FilmJerk Favorites

A group of unique directors and the essential works that you've got to see.

||| Francis Ford Coppola |||
Francis Ford Coppola

Coppola is an amazing talent whose inspiration and influence spans many generations. Virtually the link between the studio system of yesteryear and the independent minded filmmaker of the modern age, Coppola became the first major film director to emerge from a university degree program in filmmaking, thus legitimizing a now common route for many future filmmakers.

This Academy Award winner continues to enjoy an enormous critical and popular success due in large part to Coppola’s ability to break down an epic saga of crime and the struggle for power into the basic story of a father and his sons, punctuating the prevalent theme throughout Coppola’s oeuvre: the importance of family in today’s world. His personal portrait mixed tender moments with harsh brutality and redefined the genre of gangster films.

This intense, yet unassuming thriller has an impact that touches the viewer on a personal level and raises the question of privacy and security in a world of technology – thirty years ago! Coppola’s then virtually unknown cast is a roster of inevitable superstars, including Gene Hackman, Harrison Ford, and Robert Duvall. This Academy Award nominee for Best Picture, Best Original Screenplay, and Best Sound lost out to Coppola’s other great effort of the year, The Godfather: Part II.

Coppola's masterful Vietnam War-updating of Joseph Conrad's "Heart of Darkness" was the first major motion picture about the infamous “conflict”. This colossal epic was shot on location in the Philippines over the course of more than a year and contains some of the most extraordinary combat footage ever filmed. Unforgettable battle sequences and sterling performances from every cast member (including Marlon Brando, Robert Duvall, Dennis Hopper, Laurence Fishburne, Harrison Ford, Scott Glenn, and Martin Sheen) mark this Academy Award-winning drama as a must-see for any true film fanatic.

Recommended by CarrieSpecht

Advertisement

Melinda and Melinda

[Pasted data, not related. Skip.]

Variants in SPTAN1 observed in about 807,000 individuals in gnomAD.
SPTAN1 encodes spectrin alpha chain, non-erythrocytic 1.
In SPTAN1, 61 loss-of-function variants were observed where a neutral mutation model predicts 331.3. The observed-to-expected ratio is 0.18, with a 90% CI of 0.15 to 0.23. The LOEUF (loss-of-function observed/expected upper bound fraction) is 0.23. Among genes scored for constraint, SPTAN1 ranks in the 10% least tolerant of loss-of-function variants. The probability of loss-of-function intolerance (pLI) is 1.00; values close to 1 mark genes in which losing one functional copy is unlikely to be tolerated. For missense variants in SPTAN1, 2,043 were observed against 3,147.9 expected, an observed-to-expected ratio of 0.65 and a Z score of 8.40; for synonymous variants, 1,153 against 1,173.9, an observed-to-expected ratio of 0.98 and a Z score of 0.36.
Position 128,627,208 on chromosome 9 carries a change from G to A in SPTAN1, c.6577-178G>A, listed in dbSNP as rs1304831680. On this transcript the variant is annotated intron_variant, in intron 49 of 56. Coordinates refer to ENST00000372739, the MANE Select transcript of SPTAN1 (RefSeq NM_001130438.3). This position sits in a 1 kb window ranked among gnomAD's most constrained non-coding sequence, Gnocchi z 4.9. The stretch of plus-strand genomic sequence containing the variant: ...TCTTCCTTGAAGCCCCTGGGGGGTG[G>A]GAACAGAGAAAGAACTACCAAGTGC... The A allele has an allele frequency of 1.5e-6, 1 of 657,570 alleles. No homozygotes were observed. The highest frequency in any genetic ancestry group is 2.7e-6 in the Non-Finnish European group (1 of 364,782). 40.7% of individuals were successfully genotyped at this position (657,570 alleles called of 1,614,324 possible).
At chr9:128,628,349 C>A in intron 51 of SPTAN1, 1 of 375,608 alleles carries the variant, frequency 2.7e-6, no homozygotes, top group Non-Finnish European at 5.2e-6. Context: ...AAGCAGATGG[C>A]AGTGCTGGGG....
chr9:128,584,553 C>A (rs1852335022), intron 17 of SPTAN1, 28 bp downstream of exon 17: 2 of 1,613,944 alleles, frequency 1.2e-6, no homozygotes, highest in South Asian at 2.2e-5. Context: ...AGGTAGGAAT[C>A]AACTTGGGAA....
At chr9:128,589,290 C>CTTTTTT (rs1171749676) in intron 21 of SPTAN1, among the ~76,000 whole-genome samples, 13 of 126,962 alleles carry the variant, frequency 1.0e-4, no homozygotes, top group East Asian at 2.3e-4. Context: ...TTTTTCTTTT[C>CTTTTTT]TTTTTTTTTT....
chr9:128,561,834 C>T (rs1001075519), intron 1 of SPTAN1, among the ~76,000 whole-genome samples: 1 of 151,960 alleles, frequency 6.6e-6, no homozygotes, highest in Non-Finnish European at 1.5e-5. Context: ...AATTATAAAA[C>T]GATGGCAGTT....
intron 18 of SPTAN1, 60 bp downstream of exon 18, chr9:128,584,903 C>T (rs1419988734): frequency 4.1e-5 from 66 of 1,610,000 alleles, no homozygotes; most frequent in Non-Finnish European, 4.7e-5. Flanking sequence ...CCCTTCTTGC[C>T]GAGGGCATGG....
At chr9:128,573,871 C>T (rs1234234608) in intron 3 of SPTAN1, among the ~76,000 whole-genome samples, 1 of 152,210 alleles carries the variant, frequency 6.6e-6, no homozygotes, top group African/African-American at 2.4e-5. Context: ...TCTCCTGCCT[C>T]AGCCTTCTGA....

By BrianOrndorf

March 30th, 2005

Woody Allen’s career has been on the slide for a long period of time now, and while “Melinda and Melinda” doesn’t restore the crown to the king of comedy, it does find him marginally back on track.


During a lively dinner conversation, two friends, one a dramatic playwright (Larry Pine) and the other a comedic one (Wallace Shawn), take up the challenge of interpreting one story in their own unique ways. The dramatist takes the tale of Melinda (Radha Mitchell) barging into a neighbor’s dinner party near suicidal, as the start to a long tragedy where in marriages are broken (including Chloe Sevigny and Jonny Lee Miller), emotions scattered (Chiwetel Ejiofor), and Melinda is left exactly where she began. The comedic tale features the same arrangement, but focuses on how Melinda’s life changing aura helps an unhappily married man (Will Ferrell) get out of his marriage with a cheating wife (Amanda Peet).

Legendary filmmaker Woody Allen has been in quite a rut lately. 2003’s “Anything Else” found Allen at an all-time low, quality wise, so it comes as somewhat of a relief that “Melinda” returns Allen to more steady ground; yet, his film still feels like a work completed with one eye closed. The jokes are there, but nothing is funny, the performances lack a spark that was never a question before, and Allen’s trademarked exploration into the mental state of intellectual New Yorkers has never seemed this abrasive.

“Melinda” is divided up into two films, and Allen balances the opposing temperatures of the script brilliantly; the trouble comes in Allen’s attempt to wring something resembling life out of his script. For most of the film, “Melinda” sits limp, waiting for an actor or Woody himself to liven it up and give the material some authority. The dramatic side of “Melinda” moves slowly and carelessly, nary giving a chance for the characters to break free from their wine-party stereotypes and register emotionally like the argument requires. The comedic side is much easier to take, this being Allen’s forte, yet the jokes never arrive like one would expect. In fact, “Melinda” barely records a laugh the entire running time. And that’s a very strange experience for a Woody Allen film.

Equally as odd about “Melinda” is where the interesting performances come from. Seeing Will Ferrell onscreen, hamming it up Upper-West-Side style is a beautiful idea; however, Ferrell is stuck doing a tepid Woody impression, which doesn’t look right on Ferrell’s hulking frame, and sounds even more ridiculous. Unexpectedly outplaying everyone is Chloe Sevigny, who finally gives her first full-throated adult performance with her role as an unhappy wife with a crush on Melinda’s boyfriend. Sevigny finds the right wistful tone to play in, and her work here is outstanding.

In the crucial title role, Radha Mitchell is all wrong for the part. For the film to connect, Melinda needs to be a mixture of sexual predator and sympathetic lost soul. While Mitchell looks the part, her acting isn’t instilling the character with anything as memorable as the script suggests. It’s a disappointing performance, and is the heart of why “Melinda and Melinda” doesn’t penetrate the senses like Woody Allen is more than capable of doing.

My rating: C-